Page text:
Kudu: New Apache Hadoop Storage for Fast Analytics on Fast Data
Kudu: New Apache Hadoop Storage for Fast Analytics on Fast Data
This new open source complement to HDFS and Apache HBase is designed to fill gaps in Hadoop’s storage layer that have given rise to stitched-together, hybrid architectures.
The set of data storage and processing technologies that define the Apache Hadoop ecosystem are expansive and ever-improving, covering a very diverse set of customer use cases used in mission-critical enterprise applications. At Cloudera, we’re constantly pushing the boundaries of what’s possible with Hadoop—making it faster, easier to work with, and more secure.
In late 2012, we began a long-term planning exercise to analyze gaps in the Apache Hadoop storage layer that were complicating or, in some cases, preventing Hadoop adoption for certain use cases. In the course of this evaluation, we noticed several important trends and ultimately decided that there was a need for new storage technology that would complement the capabilities of what HDFS and Apache HBase provide. Today, we are excited to announce Kudu, a new addition to the open source Hadoop ecosystem. Kudu aims to provide fast analytical and real-time capabilities, efficient utilization of modern CPU and I/O resources, the ability to do updates in place, and a simple and evolvable data model.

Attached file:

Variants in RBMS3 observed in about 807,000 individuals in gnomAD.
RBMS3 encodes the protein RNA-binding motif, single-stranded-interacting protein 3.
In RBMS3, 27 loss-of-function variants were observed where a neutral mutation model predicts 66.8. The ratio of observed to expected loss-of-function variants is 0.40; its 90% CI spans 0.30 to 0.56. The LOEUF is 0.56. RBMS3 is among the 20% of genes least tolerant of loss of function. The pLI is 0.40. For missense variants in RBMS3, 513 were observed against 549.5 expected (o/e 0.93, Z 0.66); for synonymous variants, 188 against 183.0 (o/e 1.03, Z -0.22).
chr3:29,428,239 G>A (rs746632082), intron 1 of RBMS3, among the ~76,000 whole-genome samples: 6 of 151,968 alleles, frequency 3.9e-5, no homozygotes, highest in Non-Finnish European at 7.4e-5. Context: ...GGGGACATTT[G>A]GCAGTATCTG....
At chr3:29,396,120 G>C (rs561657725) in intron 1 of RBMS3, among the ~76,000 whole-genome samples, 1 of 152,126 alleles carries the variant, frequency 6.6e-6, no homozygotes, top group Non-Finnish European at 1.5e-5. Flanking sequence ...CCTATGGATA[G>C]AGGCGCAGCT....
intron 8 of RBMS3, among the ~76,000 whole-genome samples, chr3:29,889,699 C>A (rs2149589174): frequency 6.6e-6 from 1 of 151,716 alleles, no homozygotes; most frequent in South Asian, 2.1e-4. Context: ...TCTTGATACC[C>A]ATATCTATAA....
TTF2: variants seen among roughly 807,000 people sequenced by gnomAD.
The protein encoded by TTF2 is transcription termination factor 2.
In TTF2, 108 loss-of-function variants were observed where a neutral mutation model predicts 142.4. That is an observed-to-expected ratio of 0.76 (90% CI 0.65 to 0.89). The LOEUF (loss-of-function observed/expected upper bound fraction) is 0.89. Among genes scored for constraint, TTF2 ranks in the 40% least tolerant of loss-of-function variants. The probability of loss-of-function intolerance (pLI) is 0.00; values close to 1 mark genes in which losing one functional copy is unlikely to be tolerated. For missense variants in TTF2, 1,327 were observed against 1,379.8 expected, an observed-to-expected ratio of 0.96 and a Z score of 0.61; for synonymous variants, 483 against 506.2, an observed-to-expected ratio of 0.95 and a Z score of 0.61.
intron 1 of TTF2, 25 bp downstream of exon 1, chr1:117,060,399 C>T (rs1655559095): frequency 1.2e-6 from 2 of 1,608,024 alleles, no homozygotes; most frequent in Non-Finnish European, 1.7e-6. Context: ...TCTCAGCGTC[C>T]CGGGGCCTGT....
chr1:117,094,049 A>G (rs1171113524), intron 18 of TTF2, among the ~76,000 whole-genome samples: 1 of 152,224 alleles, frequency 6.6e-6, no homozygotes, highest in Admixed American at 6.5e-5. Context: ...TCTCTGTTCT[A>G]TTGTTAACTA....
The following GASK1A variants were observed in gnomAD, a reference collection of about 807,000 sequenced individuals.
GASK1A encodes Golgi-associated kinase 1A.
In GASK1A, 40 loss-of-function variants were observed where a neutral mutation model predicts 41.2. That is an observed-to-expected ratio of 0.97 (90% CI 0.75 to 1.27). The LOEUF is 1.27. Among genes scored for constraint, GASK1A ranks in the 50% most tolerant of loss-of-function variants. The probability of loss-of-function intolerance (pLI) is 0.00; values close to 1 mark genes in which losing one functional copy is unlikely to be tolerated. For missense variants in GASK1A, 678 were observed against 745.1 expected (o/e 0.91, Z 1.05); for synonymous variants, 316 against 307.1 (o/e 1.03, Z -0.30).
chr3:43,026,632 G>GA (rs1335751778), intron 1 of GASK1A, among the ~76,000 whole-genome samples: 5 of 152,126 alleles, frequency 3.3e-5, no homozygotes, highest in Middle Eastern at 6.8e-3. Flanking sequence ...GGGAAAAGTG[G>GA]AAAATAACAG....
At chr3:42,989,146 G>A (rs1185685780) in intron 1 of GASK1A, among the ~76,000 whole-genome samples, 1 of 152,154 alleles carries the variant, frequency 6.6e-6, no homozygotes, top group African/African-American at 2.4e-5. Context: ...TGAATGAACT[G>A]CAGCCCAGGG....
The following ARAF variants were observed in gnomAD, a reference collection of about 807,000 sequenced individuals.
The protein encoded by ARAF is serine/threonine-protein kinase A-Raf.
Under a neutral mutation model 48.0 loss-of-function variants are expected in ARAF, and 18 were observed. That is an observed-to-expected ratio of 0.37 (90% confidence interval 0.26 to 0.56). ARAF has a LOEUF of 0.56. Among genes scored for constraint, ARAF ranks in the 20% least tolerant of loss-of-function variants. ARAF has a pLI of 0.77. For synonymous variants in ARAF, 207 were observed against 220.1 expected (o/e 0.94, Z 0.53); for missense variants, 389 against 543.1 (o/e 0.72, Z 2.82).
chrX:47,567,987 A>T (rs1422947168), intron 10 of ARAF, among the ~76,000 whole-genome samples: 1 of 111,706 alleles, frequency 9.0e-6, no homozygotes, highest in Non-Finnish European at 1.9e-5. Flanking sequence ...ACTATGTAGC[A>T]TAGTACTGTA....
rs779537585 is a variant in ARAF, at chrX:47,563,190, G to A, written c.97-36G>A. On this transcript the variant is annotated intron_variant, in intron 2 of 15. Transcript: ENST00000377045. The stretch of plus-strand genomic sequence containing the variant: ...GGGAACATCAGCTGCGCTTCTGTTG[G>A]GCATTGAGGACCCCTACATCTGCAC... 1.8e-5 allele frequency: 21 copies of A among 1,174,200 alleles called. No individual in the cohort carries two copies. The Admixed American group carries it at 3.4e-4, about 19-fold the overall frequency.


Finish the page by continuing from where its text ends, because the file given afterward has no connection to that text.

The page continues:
In the remainder of this post we’ll offer an overview of our motivations for building Kudu, a brief explanation of its architecture, and outline our plan for growing a vibrant open source community in preparation for an eventual proposed donation to the ASF Incubator.
Gap in Capabilities
Within many Cloudera customers’ environments, we’ve observed the emergence of “hybrid architectures” where several Hadoop tools are deployed simultaneously. Tools like HBase are fantastic at ingesting data, serving small queries extremely quickly, and allowing data to be updated in place. HDFS, in combination with tools like Impala that can process columnar file formats like Apache Parquet, provides extreme performance for analytic queries on extremely large datasets.